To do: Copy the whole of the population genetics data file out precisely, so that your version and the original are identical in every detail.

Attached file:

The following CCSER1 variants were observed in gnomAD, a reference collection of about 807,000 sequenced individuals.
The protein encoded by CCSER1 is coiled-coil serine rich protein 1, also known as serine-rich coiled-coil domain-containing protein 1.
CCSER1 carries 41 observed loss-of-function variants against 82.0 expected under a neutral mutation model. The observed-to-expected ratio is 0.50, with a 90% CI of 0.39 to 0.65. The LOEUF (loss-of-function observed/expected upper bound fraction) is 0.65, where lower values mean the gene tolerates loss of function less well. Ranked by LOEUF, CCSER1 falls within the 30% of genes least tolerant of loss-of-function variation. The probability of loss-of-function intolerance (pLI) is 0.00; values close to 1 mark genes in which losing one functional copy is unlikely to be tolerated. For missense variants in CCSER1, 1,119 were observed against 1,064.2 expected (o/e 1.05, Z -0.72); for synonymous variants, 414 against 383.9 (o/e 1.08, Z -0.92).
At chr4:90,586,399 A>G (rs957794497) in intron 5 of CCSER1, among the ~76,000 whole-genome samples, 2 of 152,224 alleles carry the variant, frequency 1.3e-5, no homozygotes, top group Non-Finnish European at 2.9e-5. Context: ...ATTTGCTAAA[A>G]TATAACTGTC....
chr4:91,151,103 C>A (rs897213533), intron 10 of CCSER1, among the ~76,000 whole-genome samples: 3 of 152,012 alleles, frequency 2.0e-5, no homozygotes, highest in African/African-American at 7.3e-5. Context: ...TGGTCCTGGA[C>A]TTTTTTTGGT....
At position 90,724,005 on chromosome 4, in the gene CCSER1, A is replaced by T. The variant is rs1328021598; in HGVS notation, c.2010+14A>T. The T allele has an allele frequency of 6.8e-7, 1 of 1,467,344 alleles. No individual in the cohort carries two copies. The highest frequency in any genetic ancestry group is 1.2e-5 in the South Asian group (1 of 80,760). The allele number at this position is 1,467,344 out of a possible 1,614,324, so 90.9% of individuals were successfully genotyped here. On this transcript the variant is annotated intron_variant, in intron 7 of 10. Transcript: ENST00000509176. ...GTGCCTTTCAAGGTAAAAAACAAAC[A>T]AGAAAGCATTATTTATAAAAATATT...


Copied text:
The following CCSER1 variants were observed in gnomAD, a reference collection of about 807,000 sequenced individuals.
The protein encoded by CCSER1 is coiled-coil serine rich protein 1, also known as serine-rich coiled-coil domain-containing protein 1.
CCSER1 carries 41 observed loss-of-function variants against 82.0 expected under a neutral mutation model. The observed-to-expected ratio is 0.50, with a 90% CI of 0.39 to 0.65. The LOEUF (loss-of-function observed/expected upper bound fraction) is 0.65, where lower values mean the gene tolerates loss of function less well. Ranked by LOEUF, CCSER1 falls within the 30% of genes least tolerant of loss-of-function variation. The probability of loss-of-function intolerance (pLI) is 0.00; values close to 1 mark genes in which losing one functional copy is unlikely to be tolerated. For missense variants in CCSER1, 1,119 were observed against 1,064.2 expected (o/e 1.05, Z -0.72); for synonymous variants, 414 against 383.9 (o/e 1.08, Z -0.92).
At chr4:90,586,399 A>G (rs957794497) in intron 5 of CCSER1, among the ~76,000 whole-genome samples, 2 of 152,224 alleles carry the variant, frequency 1.3e-5, no homozygotes, top group Non-Finnish European at 2.9e-5. Context: ...ATTTGCTAAA[A>G]TATAACTGTC....
chr4:91,151,103 C>A (rs897213533), intron 10 of CCSER1, among the ~76,000 whole-genome samples: 3 of 152,012 alleles, frequency 2.0e-5, no homozygotes, highest in African/African-American at 7.3e-5. Context: ...TGGTCCTGGA[C>A]TTTTTTTGGT....
At position 90,724,005 on chromosome 4, in the gene CCSER1, A is replaced by T. The variant is rs1328021598; in HGVS notation, c.2010+14A>T. The T allele has an allele frequency of 6.8e-7, 1 of 1,467,344 alleles. No individual in the cohort carries two copies. The highest frequency in any genetic ancestry group is 1.2e-5 in the South Asian group (1 of 80,760). The allele number at this position is 1,467,344 out of a possible 1,614,324, so 90.9% of individuals were successfully genotyped here. On this transcript the variant is annotated intron_variant, in intron 7 of 10. Transcript: ENST00000509176. ...GTGCCTTTCAAGGTAAAAAACAAAC[A>T]AGAAAGCATTATTTATAAAAATATT...